Now what John receives is a bit double-edged. The answer to his prayer contains both affirmation and a gentle rebuke. And I`m suggesting that maybe we should prepare ourselves for the same. The first thing to emphasize of course is that John is in prison. And this isn`t only physically true it`s also true metaphorically because John delivers a passionate plea to Christ which is loaded with assumptions about how he thinks Christ should be acting. In other words, John is imprisoned by the notion that Jesus would simply do the same things he`d been doing but with a bit more success. And you can`t help thinking that succession and picking up the baton is at the heart of Johns fretfulness.

But the sub-text of this exchange of messages is one of the key themes of Advent and which I`ve been putting before you all Autumn- the Big Picture of God`s purposes to re-create the world. You see John`s assumption is that Jesus has come like a new Elijah, the fiery Prophet but Jesus is saying, “No, John; that`s YOU. You are Elijah- the forerunner”. And he says to the disciples: ‘You go and tell John what you hear and see: the blind receive their sight, the lame walk, the lepers are cleansed, the deaf hear, the dead are raised, and the poor have good news brought to them`. And then he adds:  `And blessed is anyone who takes no offence at me.’ That`s Bible speak for; “Don`t you tell me how to do my job”. And so those disciples will pass on a catalogue of things which describe, not Elijah but the outworking of what the prophet Isaiah promised; part of which we heard in our first reading this morning. Isaiah 35:1-10 

Many years ago I served as Chaplain at my local Further Education College. It was a fascinating experience getting to know this vast institution. But I remember one somewhat tidy minded individual asking this Anglican Minister “So where do you fit in then?” He was clearly uncomfortable with someone who dressed strangely and politically I think he was uncertain about someone whose roving brief gave him access in one day to sherry in the Principal`s Office and a hot cup of tea with the Porter at the main gate. But if it was uncomfortable for him I don`t think he had begun to understand how challenging it was for me. Effectively bluffing my way into all manner of places. “Lurking with intent”, I used to call it….and with very little feedback that contact with this fascinating community was really worthwhile.

But it brought home to me how much fitting in and having our part to play matters to us. We want to know how we`re doing and we want to know the end of the story. And such things are understandable but they`re not always compatible with the way of faith.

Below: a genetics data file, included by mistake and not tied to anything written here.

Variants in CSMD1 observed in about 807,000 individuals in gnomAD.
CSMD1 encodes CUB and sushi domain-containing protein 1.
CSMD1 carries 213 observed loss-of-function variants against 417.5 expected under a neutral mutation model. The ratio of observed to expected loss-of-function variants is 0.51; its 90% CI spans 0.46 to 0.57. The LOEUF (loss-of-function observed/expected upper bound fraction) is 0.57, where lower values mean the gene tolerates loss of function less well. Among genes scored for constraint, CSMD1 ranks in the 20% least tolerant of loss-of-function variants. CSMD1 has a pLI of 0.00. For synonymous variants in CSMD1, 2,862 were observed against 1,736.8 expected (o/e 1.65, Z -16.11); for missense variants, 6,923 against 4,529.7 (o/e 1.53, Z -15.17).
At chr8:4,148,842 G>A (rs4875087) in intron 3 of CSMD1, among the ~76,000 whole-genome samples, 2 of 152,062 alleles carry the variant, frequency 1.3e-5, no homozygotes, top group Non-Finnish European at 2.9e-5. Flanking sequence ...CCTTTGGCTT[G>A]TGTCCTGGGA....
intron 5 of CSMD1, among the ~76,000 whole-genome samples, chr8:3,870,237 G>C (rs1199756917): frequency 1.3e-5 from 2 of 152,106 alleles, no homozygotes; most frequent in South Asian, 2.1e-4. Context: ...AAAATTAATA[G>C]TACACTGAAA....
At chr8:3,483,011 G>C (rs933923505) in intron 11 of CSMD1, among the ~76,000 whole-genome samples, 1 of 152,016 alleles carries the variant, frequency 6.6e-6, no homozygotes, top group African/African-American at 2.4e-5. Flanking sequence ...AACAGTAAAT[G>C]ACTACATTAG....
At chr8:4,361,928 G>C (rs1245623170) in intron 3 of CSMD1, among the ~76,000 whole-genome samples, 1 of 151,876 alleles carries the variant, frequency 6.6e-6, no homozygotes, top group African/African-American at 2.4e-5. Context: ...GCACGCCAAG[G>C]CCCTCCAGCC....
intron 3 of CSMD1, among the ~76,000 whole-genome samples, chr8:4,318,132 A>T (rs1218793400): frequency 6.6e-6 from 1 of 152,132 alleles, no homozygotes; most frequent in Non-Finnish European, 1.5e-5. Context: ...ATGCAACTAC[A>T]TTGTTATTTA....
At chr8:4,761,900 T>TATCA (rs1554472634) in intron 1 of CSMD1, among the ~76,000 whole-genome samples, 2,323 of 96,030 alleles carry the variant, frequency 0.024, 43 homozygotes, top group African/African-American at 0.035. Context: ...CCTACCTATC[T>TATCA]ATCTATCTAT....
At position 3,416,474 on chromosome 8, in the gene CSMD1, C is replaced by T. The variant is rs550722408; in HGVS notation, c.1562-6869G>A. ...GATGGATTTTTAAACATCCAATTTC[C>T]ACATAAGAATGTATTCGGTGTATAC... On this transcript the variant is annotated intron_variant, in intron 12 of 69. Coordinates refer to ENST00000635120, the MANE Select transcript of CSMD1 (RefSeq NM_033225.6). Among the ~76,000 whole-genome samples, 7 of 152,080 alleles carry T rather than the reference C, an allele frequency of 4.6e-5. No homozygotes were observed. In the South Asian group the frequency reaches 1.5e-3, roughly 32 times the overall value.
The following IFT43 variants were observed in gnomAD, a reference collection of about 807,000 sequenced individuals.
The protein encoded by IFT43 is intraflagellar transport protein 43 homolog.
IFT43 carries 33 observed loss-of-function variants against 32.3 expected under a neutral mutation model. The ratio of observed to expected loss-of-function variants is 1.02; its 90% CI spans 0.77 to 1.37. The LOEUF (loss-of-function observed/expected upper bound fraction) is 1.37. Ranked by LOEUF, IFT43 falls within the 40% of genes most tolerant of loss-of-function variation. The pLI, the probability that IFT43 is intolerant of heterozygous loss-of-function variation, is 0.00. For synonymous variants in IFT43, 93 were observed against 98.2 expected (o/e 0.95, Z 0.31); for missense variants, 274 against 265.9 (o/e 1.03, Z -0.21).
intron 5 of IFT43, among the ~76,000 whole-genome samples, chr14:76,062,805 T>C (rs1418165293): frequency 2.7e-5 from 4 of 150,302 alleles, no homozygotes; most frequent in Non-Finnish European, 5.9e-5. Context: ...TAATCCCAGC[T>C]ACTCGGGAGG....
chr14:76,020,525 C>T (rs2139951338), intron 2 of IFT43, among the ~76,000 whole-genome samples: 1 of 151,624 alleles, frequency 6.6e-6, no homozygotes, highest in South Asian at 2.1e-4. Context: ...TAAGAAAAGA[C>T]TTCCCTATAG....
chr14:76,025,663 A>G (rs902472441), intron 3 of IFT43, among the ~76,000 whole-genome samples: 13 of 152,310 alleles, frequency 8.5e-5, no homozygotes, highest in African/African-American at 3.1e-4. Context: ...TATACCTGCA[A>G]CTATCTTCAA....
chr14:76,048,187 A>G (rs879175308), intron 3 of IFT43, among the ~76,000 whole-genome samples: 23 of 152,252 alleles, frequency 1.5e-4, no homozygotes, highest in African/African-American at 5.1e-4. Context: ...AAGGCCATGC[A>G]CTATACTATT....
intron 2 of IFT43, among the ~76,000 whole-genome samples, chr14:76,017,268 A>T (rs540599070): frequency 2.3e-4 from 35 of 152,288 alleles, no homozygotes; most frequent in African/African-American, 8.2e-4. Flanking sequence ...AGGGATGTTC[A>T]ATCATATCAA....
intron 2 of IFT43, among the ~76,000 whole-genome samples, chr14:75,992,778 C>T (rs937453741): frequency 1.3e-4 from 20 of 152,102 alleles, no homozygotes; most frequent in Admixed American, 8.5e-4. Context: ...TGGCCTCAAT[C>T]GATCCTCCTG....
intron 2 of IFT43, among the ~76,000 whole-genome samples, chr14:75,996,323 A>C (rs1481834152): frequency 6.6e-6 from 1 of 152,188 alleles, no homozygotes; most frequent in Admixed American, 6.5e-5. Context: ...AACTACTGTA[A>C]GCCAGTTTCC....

When we find ourselves in John the Baptist`s predicament; when the future seems uncertain and prayer appears to yield little by way of an answer it`s traditional to reel off the standard scripture passages where God says inscrutably, “For my thoughts are not your thoughts, nor are your ways my ways …” and we just have to take it on the chin. But for what it`s worth I`m much more at home with that familiar passage in St. Paul`s letter to the Corinthians where he says, “Now, we see through a glass darkly….” It just seems to me that he helps us face our limitations with the promise that one day things will become clearer. We`ll see what it`s all been about. And later on he says, “Therefore, my beloved, be steadfast, immovable, always excelling in the work of the Lord, because you know that in the Lord your labour is not in vain”.

These two passages hold together something of how Christ responded to John`s heartfelt plea- and I believe it`s often his response to our own perplexed cries to the heavens. On the one hand the invitation to acknowledge our limitations; we can`t see or know everything that’s going on. On the other there is encouragement to continue playing our part in the unfolding of God`s purposes. Our `labour is not in vain`.

John Henry Newman put it like this: “God has created me to do Him some definite service. He has committed some work to me which He has not committed to another. I have my mission.  I may never know it in this life, but I shall be told it in the next. I am a link in a chain, a bond of connection between persons. He has not created me for naught. I shall do good; I shall do His work. I shall be an angel of peace, a preacher of truth in my own place, while not intending it if I do but keep His commandments. Therefore, I will trust Him, whatever I am, I can never be thrown away. If I am in sickness, my sickness may serve Him, in perplexity, my perplexity may serve Him. If I am in sorrow, my sorrow may serve Him. He does nothing in vain. He knows what He is about. He may take away my friends. He may throw me among strangers. He may make me feel desolate, make my spirits sink, hide my future from me. Still, He knows what He is about”.